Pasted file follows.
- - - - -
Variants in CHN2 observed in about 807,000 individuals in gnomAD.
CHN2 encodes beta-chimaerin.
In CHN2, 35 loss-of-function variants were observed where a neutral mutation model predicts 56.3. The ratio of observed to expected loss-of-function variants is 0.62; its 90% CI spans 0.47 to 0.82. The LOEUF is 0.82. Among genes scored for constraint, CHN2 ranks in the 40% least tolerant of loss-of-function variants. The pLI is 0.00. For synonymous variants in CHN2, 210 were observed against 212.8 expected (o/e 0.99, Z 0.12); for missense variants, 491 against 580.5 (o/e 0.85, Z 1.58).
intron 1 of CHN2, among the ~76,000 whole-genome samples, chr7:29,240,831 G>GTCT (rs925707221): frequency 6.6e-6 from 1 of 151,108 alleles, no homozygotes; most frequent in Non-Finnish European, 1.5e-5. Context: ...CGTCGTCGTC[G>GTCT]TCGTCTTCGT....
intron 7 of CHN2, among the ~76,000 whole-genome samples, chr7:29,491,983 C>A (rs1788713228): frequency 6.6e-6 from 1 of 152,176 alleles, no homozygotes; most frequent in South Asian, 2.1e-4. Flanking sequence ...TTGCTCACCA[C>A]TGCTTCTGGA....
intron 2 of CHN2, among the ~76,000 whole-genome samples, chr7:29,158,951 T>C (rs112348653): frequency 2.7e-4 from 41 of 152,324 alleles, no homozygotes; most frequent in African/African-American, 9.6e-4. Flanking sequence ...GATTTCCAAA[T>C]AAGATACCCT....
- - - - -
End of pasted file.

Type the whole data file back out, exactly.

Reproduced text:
Variants in CHN2 observed in about 807,000 individuals in gnomAD.
CHN2 encodes beta-chimaerin.
In CHN2, 35 loss-of-function variants were observed where a neutral mutation model predicts 56.3. The ratio of observed to expected loss-of-function variants is 0.62; its 90% CI spans 0.47 to 0.82. The LOEUF is 0.82. Among genes scored for constraint, CHN2 ranks in the 40% least tolerant of loss-of-function variants. The pLI is 0.00. For synonymous variants in CHN2, 210 were observed against 212.8 expected (o/e 0.99, Z 0.12); for missense variants, 491 against 580.5 (o/e 0.85, Z 1.58).
intron 1 of CHN2, among the ~76,000 whole-genome samples, chr7:29,240,831 G>GTCT (rs925707221): frequency 6.6e-6 from 1 of 151,108 alleles, no homozygotes; most frequent in Non-Finnish European, 1.5e-5. Context: ...CGTCGTCGTC[G>GTCT]TCGTCTTCGT....
intron 7 of CHN2, among the ~76,000 whole-genome samples, chr7:29,491,983 C>A (rs1788713228): frequency 6.6e-6 from 1 of 152,176 alleles, no homozygotes; most frequent in South Asian, 2.1e-4. Flanking sequence ...TTGCTCACCA[C>A]TGCTTCTGGA....
intron 2 of CHN2, among the ~76,000 whole-genome samples, chr7:29,158,951 T>C (rs112348653): frequency 2.7e-4 from 41 of 152,324 alleles, no homozygotes; most frequent in African/African-American, 9.6e-4. Flanking sequence ...GATTTCCAAA[T>C]AAGATACCCT....